A great steak dinner, the ultimate salesman, the Promenade parade, lounging in Labadee

Editorial comment first: Yay, Broncos and congratulations to Peyton Manning on his record 51 TD passes this season.

When we last left off in our saga aboard the Behemoth, we were on our way to get ready for dinner last night. We had a fairly early reservation at Chops Grille on Central Park. We got a table outside in an enclosure that protects you from the wind that can blow through the park (even though you are sheltered on all sides by staterooms and other ship structures). I ordered Forest Mushroom soup, a six-ounce filet and a baked potato; Steve got a duck appetizer, a six-ounce filet and the green bean side dish. Now keep in mind our food experiences so far on Oasis included a pretty good Johnny Rocket hamburger, a mediocre room service breakfast on Sunday and a hot dog. After several cruises on Oceania, our expectations were not high, but we were pleasantly surprised by our excellent dinner. The appetizer and soup were delicious, the steaks were cooked to perfection and the sides were wonderful. We had a bottle of Duckhorn Merlot (2010), which was decanted by our waiter using an interesting Italian blown glass gizmo that fits on top of the bottle (being a college student in the 70’s, it reminded me of some of the glass bongs my fellow students used to smoke pot – not me, of course, as I prefer ethyl alcohol in various drinkable forms).

Speaking of our waiter, this guy was the ultimate salesman. He was from southern Turkey and must have had a previous career hawking Turkish rugs and brass gewgaws to tourists. First, he persuaded us to upgrade significantly on our wine selection, then he brought a card to order champagne on Christmas Eve (we didn’t bite on this, as we are doing the Chef’s Table dinner with wine pairings tomorrow night). He talked up another specialty restaurant, the Solarium Bistro, which we then booked for Friday night. At the end of the service, darned if he didn’t bring over one of the decanters in a box and a copy of their fancy cookbook (we didn’t buy either item). We thought this was very amusing and we enjoyed his enthusiasm. Of course, anyone reading the blog from our Jewels of the Aegean cruise in 2011 knows that we not only succumbed and bought a Turkish rug but also a gorgeous silk pillow case after our private tour of Ephesus (we love that rug and Ruby sits on it all the time).

After dinner we hopped on board the Rising Tide bar just before it descended to the Promenade deck. We made our way to the Globe and Atlas pub and got a seat on the Promenade on Deck 5 to watch the huge crowds standing in line to get their pictures taken in front of the two-story Christmas tree. The crowd was genuinely Felliniesque, a term we have used for very diverse groups of people of all shapes, sizes, and types (and wearing every type of outfit under the sun); we stole that term from the late, great Italian director Federico Fellini, who populated his films with remarkable characters. His best movie, by the way, was “Amarcord”, about the memories of a boy growing up in Italy during the 1930’s.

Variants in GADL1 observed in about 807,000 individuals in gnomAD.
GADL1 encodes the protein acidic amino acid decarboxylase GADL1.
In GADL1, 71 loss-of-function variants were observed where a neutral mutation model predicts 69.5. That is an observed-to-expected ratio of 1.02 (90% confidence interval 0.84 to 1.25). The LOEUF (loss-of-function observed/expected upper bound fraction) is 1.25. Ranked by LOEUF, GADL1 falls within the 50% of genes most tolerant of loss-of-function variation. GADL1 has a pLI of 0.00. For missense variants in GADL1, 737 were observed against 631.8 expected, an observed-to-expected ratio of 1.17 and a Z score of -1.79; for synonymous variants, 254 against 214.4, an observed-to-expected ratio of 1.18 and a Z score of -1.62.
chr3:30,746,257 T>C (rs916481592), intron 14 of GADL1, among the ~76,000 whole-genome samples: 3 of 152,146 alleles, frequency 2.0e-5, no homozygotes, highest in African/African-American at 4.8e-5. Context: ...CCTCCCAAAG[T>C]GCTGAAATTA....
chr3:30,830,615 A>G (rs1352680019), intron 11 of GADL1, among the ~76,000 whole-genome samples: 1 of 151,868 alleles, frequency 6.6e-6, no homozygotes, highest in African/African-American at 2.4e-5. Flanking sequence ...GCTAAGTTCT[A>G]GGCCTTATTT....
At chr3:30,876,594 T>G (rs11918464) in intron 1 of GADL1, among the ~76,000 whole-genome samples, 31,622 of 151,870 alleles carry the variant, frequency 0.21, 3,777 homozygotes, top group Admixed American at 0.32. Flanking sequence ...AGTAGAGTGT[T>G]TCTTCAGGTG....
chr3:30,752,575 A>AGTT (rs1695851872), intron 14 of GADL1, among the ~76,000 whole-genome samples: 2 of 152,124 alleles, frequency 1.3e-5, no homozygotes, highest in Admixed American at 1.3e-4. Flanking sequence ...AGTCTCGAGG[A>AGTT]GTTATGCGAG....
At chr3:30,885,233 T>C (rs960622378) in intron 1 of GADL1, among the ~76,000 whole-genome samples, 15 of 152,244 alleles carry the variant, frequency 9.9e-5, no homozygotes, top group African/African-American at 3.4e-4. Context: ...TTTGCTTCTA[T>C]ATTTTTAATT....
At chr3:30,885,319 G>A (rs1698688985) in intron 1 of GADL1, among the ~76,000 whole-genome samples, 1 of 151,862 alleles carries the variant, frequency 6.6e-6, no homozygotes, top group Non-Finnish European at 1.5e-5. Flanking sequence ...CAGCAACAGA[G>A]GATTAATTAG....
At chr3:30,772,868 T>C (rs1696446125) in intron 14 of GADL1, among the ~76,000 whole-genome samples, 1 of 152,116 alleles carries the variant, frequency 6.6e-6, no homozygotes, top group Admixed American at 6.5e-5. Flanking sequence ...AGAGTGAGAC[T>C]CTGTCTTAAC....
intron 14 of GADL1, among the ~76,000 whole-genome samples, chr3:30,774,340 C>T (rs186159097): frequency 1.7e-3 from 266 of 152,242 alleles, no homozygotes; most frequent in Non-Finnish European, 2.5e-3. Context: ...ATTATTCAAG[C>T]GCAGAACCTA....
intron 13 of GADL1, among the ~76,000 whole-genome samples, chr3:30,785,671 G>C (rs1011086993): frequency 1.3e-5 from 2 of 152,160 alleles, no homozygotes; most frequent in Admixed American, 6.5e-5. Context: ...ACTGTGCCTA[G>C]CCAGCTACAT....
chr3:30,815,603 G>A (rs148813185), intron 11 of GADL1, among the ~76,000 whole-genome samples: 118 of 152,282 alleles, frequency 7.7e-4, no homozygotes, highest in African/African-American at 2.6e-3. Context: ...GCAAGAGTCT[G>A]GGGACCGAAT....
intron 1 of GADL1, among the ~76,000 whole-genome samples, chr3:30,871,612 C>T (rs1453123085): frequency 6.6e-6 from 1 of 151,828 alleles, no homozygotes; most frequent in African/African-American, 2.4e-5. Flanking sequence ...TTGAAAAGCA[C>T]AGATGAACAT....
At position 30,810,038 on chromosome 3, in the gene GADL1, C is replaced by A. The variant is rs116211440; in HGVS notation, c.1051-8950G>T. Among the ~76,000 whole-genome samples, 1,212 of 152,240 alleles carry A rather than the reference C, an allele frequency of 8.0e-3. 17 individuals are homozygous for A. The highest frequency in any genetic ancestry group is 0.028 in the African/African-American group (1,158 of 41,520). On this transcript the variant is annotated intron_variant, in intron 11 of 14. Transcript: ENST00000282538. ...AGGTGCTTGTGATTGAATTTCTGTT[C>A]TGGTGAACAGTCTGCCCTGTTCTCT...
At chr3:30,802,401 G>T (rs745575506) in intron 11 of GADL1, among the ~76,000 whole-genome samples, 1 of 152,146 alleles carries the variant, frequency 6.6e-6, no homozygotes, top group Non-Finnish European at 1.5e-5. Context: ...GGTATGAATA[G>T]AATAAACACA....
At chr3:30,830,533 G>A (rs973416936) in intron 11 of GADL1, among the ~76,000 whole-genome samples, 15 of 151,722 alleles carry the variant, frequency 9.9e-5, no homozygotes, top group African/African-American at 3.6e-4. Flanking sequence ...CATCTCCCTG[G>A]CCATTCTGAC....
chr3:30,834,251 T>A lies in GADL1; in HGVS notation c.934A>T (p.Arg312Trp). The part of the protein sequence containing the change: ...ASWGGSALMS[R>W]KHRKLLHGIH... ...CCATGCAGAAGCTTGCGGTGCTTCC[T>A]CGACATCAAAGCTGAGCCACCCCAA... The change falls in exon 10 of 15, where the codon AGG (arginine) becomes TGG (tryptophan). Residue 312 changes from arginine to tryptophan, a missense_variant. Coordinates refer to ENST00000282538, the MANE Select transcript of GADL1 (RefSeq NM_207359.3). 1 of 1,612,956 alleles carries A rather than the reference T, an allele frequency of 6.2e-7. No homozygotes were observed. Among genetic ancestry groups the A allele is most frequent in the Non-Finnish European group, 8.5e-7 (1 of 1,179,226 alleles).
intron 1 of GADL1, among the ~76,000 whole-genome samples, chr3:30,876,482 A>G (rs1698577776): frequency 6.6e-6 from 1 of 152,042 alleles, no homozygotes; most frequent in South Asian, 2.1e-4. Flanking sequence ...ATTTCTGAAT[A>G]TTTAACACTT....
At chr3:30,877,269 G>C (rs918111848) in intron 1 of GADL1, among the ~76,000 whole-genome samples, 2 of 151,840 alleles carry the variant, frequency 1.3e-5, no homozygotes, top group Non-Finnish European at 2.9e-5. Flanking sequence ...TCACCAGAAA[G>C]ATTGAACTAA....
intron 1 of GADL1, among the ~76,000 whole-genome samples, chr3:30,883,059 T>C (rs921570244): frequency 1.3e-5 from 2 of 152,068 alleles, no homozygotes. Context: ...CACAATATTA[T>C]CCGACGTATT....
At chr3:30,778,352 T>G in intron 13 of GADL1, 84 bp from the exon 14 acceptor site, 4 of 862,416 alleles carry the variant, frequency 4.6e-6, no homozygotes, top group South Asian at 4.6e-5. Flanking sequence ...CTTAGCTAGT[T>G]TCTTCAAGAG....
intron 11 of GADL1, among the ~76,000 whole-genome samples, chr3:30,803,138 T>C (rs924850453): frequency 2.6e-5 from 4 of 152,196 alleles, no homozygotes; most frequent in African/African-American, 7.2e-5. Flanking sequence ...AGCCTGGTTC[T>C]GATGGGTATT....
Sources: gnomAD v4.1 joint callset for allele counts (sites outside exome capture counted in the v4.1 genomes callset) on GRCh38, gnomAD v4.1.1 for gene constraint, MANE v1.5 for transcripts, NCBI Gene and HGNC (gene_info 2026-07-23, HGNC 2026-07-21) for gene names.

While we were sitting at the pub and listening to an awesome big band, Steve remarked that it looked foggy. Sure enough, special effects fog was pouring out of the Globe above our seats and suddenly a lighted ramp unfolded above us. This platform was for the Captain and his top crew as they introduced themselves to the throng of passengers crowding the Promenade below. Most impressive!

We had a good night’s sleep and a continental breakfast delivered to the room this morning before disembarking at Labadee. We went down to the gangplank deck, using an escalator(!) from the deck above and we thought we were in a terminal building (the exit area is that huge). We walked along the dock and over the new causeway to the Labadee resort area. Labadee was created by RCI many years ago as a private resort for its cruise ships. It is located on the northeast coast of Haiti, not far from the border with the Dominican Republic. We visited it in 1987, on a cruise on Song of Norway and had to tender in at that time. It was closed for a few years due to the perpetual political difficulties of Haiti, but they recommitted to the facility to allow the monster ships to dock here and added more facilities.